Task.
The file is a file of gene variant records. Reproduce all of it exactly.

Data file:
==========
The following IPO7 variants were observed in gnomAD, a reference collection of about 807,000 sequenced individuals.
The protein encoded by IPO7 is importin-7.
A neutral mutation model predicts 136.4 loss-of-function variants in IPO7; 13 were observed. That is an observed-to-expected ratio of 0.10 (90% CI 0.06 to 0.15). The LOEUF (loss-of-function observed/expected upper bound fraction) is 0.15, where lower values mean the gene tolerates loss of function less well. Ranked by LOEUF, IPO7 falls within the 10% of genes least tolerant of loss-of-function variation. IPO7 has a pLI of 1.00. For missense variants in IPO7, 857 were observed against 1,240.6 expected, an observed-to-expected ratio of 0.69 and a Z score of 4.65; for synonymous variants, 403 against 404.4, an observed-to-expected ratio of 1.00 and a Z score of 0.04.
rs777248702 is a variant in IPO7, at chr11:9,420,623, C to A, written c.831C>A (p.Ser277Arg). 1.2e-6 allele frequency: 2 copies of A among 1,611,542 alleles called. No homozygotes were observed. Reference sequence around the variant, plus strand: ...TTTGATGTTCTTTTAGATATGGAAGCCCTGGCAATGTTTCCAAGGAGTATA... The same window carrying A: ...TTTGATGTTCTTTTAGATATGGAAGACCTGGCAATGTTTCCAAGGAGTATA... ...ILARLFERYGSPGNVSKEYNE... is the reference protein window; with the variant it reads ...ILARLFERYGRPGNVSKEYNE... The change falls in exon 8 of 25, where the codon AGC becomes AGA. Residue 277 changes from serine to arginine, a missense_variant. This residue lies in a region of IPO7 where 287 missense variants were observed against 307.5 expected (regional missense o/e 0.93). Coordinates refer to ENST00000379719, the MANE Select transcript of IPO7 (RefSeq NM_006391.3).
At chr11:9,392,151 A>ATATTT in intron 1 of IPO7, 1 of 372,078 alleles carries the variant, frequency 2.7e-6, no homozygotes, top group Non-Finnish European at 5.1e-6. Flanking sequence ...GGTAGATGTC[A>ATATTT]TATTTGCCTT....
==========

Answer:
The following IPO7 variants were observed in gnomAD, a reference collection of about 807,000 sequenced individuals.
The protein encoded by IPO7 is importin-7.
A neutral mutation model predicts 136.4 loss-of-function variants in IPO7; 13 were observed. That is an observed-to-expected ratio of 0.10 (90% CI 0.06 to 0.15). The LOEUF (loss-of-function observed/expected upper bound fraction) is 0.15, where lower values mean the gene tolerates loss of function less well. Ranked by LOEUF, IPO7 falls within the 10% of genes least tolerant of loss-of-function variation. IPO7 has a pLI of 1.00. For missense variants in IPO7, 857 were observed against 1,240.6 expected, an observed-to-expected ratio of 0.69 and a Z score of 4.65; for synonymous variants, 403 against 404.4, an observed-to-expected ratio of 1.00 and a Z score of 0.04.
rs777248702 is a variant in IPO7, at chr11:9,420,623, C to A, written c.831C>A (p.Ser277Arg). 1.2e-6 allele frequency: 2 copies of A among 1,611,542 alleles called. No homozygotes were observed. Reference sequence around the variant, plus strand: ...TTTGATGTTCTTTTAGATATGGAAGCCCTGGCAATGTTTCCAAGGAGTATA... The same window carrying A: ...TTTGATGTTCTTTTAGATATGGAAGACCTGGCAATGTTTCCAAGGAGTATA... ...ILARLFERYGSPGNVSKEYNE... is the reference protein window; with the variant it reads ...ILARLFERYGRPGNVSKEYNE... The change falls in exon 8 of 25, where the codon AGC becomes AGA. Residue 277 changes from serine to arginine, a missense_variant. This residue lies in a region of IPO7 where 287 missense variants were observed against 307.5 expected (regional missense o/e 0.93). Coordinates refer to ENST00000379719, the MANE Select transcript of IPO7 (RefSeq NM_006391.3).
At chr11:9,392,151 A>ATATTT in intron 1 of IPO7, 1 of 372,078 alleles carries the variant, frequency 2.7e-6, no homozygotes, top group Non-Finnish European at 5.1e-6. Flanking sequence ...GGTAGATGTC[A>ATATTT]TATTTGCCTT....